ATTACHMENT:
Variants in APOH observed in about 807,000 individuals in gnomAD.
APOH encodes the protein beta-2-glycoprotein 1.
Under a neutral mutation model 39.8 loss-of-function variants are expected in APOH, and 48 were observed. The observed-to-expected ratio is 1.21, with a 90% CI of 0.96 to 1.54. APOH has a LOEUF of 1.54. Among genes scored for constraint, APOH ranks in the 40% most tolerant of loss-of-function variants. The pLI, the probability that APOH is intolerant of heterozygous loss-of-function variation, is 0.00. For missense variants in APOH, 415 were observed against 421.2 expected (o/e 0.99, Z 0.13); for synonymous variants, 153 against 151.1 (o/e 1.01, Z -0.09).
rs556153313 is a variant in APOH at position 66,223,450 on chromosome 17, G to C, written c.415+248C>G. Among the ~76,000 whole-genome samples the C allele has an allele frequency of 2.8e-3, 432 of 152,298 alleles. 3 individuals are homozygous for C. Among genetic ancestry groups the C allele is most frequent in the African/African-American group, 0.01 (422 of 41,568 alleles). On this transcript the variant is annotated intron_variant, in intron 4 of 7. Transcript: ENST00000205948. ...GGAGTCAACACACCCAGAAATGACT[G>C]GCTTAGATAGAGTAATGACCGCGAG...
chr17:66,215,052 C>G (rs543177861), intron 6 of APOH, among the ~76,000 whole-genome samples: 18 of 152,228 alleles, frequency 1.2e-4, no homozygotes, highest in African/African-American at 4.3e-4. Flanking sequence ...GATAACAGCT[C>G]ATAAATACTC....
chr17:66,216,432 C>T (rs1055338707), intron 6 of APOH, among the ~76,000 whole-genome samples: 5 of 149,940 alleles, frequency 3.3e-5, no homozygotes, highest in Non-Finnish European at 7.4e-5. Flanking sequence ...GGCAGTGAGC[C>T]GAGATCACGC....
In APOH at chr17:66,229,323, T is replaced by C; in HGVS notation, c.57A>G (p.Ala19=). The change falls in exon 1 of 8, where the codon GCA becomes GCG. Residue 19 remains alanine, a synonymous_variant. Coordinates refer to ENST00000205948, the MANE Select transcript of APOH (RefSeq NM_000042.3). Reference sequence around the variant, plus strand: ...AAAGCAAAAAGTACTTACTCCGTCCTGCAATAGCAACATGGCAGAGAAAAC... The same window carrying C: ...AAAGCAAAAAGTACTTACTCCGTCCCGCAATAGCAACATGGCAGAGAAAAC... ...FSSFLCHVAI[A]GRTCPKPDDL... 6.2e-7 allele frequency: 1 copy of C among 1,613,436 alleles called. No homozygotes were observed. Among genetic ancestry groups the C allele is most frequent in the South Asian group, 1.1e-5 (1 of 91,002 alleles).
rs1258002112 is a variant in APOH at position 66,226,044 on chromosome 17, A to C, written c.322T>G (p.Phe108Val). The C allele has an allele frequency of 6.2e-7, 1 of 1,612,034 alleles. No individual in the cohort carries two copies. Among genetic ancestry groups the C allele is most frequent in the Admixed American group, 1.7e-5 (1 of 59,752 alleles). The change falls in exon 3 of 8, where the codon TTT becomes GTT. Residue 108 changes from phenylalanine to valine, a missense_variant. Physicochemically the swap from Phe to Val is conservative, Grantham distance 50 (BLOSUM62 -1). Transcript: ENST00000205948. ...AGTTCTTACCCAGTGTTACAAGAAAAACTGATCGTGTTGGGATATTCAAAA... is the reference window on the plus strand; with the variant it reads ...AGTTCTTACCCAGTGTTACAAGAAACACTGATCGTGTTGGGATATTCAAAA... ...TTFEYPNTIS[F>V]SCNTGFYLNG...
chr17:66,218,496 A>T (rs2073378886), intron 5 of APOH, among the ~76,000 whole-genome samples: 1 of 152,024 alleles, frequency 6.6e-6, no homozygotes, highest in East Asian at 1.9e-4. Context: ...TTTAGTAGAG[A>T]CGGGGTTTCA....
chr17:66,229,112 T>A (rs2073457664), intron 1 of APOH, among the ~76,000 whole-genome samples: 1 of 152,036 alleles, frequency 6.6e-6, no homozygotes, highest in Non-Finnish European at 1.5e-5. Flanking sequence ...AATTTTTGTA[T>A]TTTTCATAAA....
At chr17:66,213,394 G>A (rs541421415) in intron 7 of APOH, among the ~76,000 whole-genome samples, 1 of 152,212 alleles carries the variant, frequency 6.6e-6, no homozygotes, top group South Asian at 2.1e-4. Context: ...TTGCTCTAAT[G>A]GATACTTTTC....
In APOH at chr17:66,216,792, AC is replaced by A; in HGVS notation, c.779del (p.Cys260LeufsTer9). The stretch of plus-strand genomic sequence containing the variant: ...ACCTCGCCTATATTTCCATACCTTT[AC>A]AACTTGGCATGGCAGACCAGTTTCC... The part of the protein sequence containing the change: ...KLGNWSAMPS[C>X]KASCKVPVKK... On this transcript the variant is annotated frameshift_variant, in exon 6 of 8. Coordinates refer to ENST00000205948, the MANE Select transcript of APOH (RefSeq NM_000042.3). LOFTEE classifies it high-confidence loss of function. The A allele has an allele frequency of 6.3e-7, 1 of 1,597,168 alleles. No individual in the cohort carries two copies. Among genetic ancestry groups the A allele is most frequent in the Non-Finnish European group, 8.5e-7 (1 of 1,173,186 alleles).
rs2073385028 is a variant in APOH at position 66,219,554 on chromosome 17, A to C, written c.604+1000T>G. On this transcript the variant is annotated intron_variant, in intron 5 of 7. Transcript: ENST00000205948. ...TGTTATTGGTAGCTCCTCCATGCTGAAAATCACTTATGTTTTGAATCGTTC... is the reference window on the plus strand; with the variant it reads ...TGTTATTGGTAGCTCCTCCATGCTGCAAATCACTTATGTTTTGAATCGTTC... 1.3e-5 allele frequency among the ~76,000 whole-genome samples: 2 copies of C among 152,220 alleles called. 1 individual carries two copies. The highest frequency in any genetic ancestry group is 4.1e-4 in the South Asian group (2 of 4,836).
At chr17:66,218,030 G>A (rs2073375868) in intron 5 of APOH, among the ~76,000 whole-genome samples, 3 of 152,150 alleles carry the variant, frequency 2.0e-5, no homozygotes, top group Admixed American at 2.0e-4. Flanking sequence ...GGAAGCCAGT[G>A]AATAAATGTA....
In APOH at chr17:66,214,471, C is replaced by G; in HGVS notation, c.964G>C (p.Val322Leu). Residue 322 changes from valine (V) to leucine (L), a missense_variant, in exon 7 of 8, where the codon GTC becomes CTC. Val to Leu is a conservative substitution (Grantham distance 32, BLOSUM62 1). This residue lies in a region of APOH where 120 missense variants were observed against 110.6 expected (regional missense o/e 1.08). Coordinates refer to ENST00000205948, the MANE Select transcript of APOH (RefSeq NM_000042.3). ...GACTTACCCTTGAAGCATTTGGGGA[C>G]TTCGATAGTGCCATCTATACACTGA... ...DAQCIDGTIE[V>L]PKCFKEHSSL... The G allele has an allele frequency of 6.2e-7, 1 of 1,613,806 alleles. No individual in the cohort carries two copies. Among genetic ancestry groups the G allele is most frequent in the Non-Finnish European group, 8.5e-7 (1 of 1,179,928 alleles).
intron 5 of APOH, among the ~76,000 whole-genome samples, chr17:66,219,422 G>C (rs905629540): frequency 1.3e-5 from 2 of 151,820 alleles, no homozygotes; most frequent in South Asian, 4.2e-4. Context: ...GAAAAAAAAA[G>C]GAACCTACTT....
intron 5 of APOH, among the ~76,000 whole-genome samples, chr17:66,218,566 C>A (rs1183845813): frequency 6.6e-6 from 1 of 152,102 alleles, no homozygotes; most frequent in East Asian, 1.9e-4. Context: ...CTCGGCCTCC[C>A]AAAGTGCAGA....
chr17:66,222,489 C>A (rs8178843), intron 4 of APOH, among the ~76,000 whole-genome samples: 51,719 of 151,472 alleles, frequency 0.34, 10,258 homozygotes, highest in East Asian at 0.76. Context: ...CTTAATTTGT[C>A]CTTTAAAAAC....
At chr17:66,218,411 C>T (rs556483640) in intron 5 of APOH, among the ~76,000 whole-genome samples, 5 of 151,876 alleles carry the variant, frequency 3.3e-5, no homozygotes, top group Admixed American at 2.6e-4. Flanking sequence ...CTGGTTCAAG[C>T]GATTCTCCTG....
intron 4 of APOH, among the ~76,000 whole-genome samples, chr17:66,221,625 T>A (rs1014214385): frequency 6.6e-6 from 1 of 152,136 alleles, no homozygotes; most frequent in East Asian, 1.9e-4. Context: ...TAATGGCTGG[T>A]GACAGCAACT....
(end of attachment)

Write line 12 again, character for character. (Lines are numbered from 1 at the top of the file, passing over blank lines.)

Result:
In APOH at chr17:66,216,792, AC is replaced by A; in HGVS notation, c.779del (p.Cys260LeufsTer9). The stretch of plus-strand genomic sequence containing the variant: ...ACCTCGCCTATATTTCCATACCTTT[AC>A]AACTTGGCATGGCAGACCAGTTTCC... The part of the protein sequence containing the change: ...KLGNWSAMPS[C>X]KASCKVPVKK... On this transcript the variant is annotated frameshift_variant, in exon 6 of 8. Coordinates refer to ENST00000205948, the MANE Select transcript of APOH (RefSeq NM_000042.3). LOFTEE classifies it high-confidence loss of function. The A allele has an allele frequency of 6.3e-7, 1 of 1,597,168 alleles. No individual in the cohort carries two copies. Among genetic ancestry groups the A allele is most frequent in the Non-Finnish European group, 8.5e-7 (1 of 1,173,186 alleles).